When I was younger, I used to watch a film on the television called 'Water World'. The 'used to watch' part mainly stems from networks re-running popular films multiple times, and my parents would not let me finish a movie in one sitting. The movie is set almost 7000 years in the future, where the world is entirely submerged as polar ice caps have fully melted. Hence, 'Water World.' The inhabitants of these worlds lived in immense hardship, where 'dirt', a commodity used to make small atolls, was precious. When the Intergovernmental Panel on Climate Change (IPCC) warned of potential sea level increases of 1 to 3 feet by 2100, which could escalate, if Antarctic ice sheets destabilise faster than anticipated, I had a small flashback of Water World.
In recent years, the global shift toward a low-carbon economy, aimed at promoting climate-resilient development, has gained significant attention for all the right reasons. In 2015, the Paris Agreement united nearly every nation in a pledge to cap Earth's temperature rise at 1.5 degrees Celsius above pre-industrial levels. To achieve this, the IPCC asserts that global net emissions must reach zero by 2050, demanding a balance between emissions released from fossil fuels and those removed from the atmosphere. When it comes to GHG emission, Electricity and Heat Generation is the largest sector accounting for 25 per cent. However, it is not an outlier. The agriculture sector (especially animal rearing) stands a close second at 24 per cent. However, for GHG emission reduction, Energy stands as a sector where the biggest potential reform can be done, since we can agree on ditching coal, but we may not agree on ditching burgers anytime soon.
A global energy transition is thus essential; however, the pathways and impact of the energy transition is not the same of all countries and all economies. Especially in low-and middle-income countries, where pressing development objectives must be met alongside a transition away from fossil fuels, and sufficient capital and technology accumulation as well as adequate public support have not been built. Such transformational efforts can unintentionally place a heavier burden on specific communities, regions, and industries more than others. While the conventional energy transition primarily focuses on the shift from fossil fuels to renewable or clean energy sources, a "Just Energy Transition" takes an additional step by considering the social consequences, particularly in terms of employment and income, for those reliant on energy-related economic activities. Unless justice is served in the global energy transition, we stand to create two worlds based on their energy usage, creating another dystopia.
Towards a sustainable energy shift in Bangladesh
According to the Annual Report 2021-22 of Bangladesh Power Development Board (BPDB), the total installed capacity was 22,482 MW (Hydro 230 MW, Gas 11,476 MW, Furnace Oil 6,329 MW, Diesel 1,290 MW, Coal 1,768 MW, Solar PV 229 MW, Power Import 1,160 MW). To reduce dependence on fossil fuels, initiatives of renewable and nuclear-based power generation have been considered to ensure clean energy penetration in power generation. Over the past decade, Bangladesh has redirected its energy sector towards greater diversity and renewable sources, aligning with its commitment to reduce carbon emissions outlined in its National Determined Contributions (NDC) for 2021. Several solar projects have been successfully implemented that provide 600 MW power to the national grid and 366 MW on an off-grid basis. Despite currently relying on renewable sources for only 3.5 per cent of its power generation, the government aims to boost this share to 40 per cent in the next two decades. The target was later revised as a plan to achieve 'clean energy' up to 40 per cent of total energy. As per plan, 3,000 MW of renewable energy will be generated by 2030. The government strongly believes that the new development of domestic coal should be avoided due to the problems faced by residents as well as its environmental impacts. Therefore, no expansion of coal import facilities is assumed except a coal transshipment terminal in Matarbari.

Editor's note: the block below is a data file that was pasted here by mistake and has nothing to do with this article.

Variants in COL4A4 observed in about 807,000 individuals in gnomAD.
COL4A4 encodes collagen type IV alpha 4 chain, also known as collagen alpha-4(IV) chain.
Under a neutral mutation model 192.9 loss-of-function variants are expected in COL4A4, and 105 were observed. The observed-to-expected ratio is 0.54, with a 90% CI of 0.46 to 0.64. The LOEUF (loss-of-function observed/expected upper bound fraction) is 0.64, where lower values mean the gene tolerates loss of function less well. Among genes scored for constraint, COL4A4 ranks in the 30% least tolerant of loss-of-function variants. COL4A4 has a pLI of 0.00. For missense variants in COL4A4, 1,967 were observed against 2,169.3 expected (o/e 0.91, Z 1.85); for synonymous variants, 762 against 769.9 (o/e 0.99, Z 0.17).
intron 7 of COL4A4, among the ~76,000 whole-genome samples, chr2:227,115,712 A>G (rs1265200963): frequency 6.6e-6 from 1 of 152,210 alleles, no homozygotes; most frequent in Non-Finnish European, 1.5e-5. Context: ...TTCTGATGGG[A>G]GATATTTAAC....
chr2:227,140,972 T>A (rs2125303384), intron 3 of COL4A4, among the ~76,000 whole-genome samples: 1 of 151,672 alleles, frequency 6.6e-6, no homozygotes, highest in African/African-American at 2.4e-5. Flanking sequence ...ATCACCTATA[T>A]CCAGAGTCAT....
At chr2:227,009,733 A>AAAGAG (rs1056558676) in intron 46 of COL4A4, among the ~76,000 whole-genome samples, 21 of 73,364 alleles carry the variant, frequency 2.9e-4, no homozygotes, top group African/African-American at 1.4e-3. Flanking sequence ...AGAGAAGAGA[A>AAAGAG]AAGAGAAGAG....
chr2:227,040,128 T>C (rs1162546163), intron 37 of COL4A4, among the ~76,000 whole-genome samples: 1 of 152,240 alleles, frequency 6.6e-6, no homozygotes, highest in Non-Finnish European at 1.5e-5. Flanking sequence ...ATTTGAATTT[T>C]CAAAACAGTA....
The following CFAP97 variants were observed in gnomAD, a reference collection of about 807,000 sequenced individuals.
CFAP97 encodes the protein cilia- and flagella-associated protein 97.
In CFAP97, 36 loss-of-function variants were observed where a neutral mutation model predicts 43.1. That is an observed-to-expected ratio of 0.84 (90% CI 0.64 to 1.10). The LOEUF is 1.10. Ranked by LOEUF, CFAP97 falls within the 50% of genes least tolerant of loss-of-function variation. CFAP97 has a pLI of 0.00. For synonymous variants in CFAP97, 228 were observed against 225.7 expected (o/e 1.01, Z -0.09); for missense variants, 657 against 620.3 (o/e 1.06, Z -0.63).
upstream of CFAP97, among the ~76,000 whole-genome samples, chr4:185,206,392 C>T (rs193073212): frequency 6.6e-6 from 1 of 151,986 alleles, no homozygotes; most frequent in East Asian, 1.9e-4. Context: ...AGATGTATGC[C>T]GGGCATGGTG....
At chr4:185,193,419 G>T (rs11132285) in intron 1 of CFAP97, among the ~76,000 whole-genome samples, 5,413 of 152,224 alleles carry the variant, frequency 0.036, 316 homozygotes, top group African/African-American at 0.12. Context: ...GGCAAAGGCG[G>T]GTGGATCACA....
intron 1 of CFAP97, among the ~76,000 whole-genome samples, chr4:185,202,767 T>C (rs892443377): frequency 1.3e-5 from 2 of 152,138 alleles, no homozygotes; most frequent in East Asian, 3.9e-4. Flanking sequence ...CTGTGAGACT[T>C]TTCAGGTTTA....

Bangladesh's government is focusing on increasing the production and use of renewable energy and improving energy efficiency. The Renewable Energy Policy-2023 has brought several changes in the implementation and spread of renewable energy, which is more detailed and richer in new proposals than the original 2008 policy. Additionally, the Mujib Climate Prosperity Plan (MCPP) has set a target to source 30 per cent of the nation's energy from renewable sources, indicating a strong commitment to a sustainable and low-carbon energy future. The Integrated Energy & Power Sector Master Plan (IEPMP) 2022, which is the first ever unified and structured master plan for the power sector of Bangladesh, is focusing on clean energy. Our Nationally Determined Contributions (NDCs) to the UN Framework Convention on Climate Change (UNFCC) show a target of around 4100 MW of renewable energy by 2030.
The draft IEPMP highlights the scope and possibilities for renewable energy in Bangladesh but lacks a specific work plan with a timeline for the transition to sustainable energy. There is no detailed plan for the necessary financial estimates for investment and maintenance of RE technologies that could be used to attain the goal of low-carbon emission. It is necessary to consider additional measures such as implementing stronger regulations, increasing funding for research and development of clean energy technologies, and encouraging public-private partnerships to accelerate the transition towards a sustainable and low-carbon economy.